5 Ways to Make Healthy Eating a Habit for Kids

One of the most common struggles parents and caregivers face is how to get kids to eat healthy. A healthy diet is crucial for all ages, but especially for children. It affects how their bodies and brains grow, as well as their mood and energy levels.

Keep reading for important information about nutrition for kids and five habits that will help them become healthy eaters for life.

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Nutrition for Kids: What Should They Eat?

All children — from toddlers through the teen years — need the right balance of nutrition to grow and develop. Facing the task of deciding what to feed them multiple times every day for 18 years can feel overwhelming. Things get more complicated when children go through periods of picky eating.

Your child’s eating experiences when they’re young establish a solid foundation as they grow. By their first birthday, children should begin eating many of the same healthy foods as adults.

The U.S. Department of Agriculture’s MyPlate meal-planning method is an easy way to ensure your child gets the proper nutrients. Divide their plate or bowl into four sections. At every meal, fill their plate with this guide:

  • One-half of the plate should be fruits and vegetables. Fresh, frozen, or canned produce without added salt or sugar and packed with fiber and nutrients is a great choice. Vary the colors and textures to ensure they get a range of vitamins and minerals.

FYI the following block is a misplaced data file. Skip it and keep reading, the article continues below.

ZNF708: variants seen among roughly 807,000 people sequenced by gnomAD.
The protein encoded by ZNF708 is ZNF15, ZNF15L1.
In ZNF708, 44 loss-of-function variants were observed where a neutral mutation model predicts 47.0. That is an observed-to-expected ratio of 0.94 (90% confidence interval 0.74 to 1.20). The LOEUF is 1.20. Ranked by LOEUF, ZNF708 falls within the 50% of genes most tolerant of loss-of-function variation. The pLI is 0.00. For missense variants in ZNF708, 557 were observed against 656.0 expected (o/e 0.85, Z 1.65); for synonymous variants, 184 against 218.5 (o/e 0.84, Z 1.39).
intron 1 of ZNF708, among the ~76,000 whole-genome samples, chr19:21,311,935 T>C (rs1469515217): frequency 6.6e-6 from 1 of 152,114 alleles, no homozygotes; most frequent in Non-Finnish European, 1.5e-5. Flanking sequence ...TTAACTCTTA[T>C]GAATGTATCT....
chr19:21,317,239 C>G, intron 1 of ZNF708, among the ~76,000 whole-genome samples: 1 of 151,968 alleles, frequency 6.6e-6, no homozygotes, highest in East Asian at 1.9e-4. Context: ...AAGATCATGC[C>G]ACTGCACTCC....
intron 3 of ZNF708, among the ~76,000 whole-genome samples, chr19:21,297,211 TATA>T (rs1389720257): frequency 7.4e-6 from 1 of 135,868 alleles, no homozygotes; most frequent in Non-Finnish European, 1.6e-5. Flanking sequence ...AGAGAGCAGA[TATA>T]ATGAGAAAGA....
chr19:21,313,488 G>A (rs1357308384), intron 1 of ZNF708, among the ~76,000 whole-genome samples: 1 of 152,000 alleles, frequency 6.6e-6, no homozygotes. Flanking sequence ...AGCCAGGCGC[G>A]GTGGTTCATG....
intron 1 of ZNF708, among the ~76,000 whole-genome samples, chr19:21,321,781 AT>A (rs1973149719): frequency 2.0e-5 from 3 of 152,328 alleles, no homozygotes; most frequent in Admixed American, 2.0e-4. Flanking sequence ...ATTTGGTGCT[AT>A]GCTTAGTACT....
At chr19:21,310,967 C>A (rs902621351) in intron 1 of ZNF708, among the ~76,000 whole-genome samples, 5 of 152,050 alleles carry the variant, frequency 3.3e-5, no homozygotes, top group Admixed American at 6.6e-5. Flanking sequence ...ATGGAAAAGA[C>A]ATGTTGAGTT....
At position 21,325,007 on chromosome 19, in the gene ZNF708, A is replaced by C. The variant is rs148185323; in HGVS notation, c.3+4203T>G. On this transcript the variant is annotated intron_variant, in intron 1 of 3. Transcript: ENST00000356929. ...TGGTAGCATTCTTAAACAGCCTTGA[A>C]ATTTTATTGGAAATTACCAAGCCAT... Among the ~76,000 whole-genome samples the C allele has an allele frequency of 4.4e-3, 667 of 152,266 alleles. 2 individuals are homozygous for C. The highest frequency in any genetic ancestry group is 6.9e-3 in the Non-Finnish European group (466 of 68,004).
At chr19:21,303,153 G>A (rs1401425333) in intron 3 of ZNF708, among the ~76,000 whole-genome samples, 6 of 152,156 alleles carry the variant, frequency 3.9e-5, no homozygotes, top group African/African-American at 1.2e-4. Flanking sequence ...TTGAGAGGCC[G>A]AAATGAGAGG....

• One-quarter of the plate should be a high-protein food. Good choices include fish, poultry, meat, eggs, beans, lentils, tofu, nuts, and seeds. In addition to protein, these foods provide B vitamins, iron and other minerals, and healthy fats.
  • The final quarter of the plate should be whole grains. These provide long-lasting energy from complex carbohydrates. Try oatmeal or whole-grain cereal for breakfast, whole-wheat bread or pasta for lunch, and brown rice for dinner.
  • Add in one serving of milk, yogurt, or cheese. These foods are rich in protein plus calcium for strong bones. If your child doesn’t eat dairy, substitute a fortified plant-based alternative.

Children also need two or three snacks between meals. Offer healthy snacks made with whole-food ingredients from multiple food groups. Good options include:

  • An apple spread with almond butter.
  • Carrot sticks, hummus, and whole grain crackers.
  • Greek yogurt with fruit and granola.
  • A strawberry and spinach smoothie made with a scoop of Greek yogurt.

Together, these foods provide the nutrients children need and set the foundation for a healthy diet.

How to Get Kids to Eat Healthy

Offering the right foods is the first step in getting kids to eat healthy. It’s up to them to decide which foods to eat, but implementing these five habits can make it easier.

Establish regular meal and snack times

Eating meals at mealtime with snacks as needed helps maintain children’s energy levels throughout the day. Their brains and bodies work better when parents serve a balanced breakfast, pack a healthy lunch, and provide a nourishing after-school snack and dinner.

Planned meals and snacks also prevent mindless grazing and turning to sweets or junk food when hunger calls throughout the day. It teaches kids to acknowledge and respond to their hunger in a healthy way.

Aim to eat dinner or at least one daily meal together as a family as often as possible. Kids who eat meals with their families are more likely to have healthier eating patterns during childhood and as young adults. Family meals also offer significant emotional, social, academic, and physical benefits.

Make healthy food accessible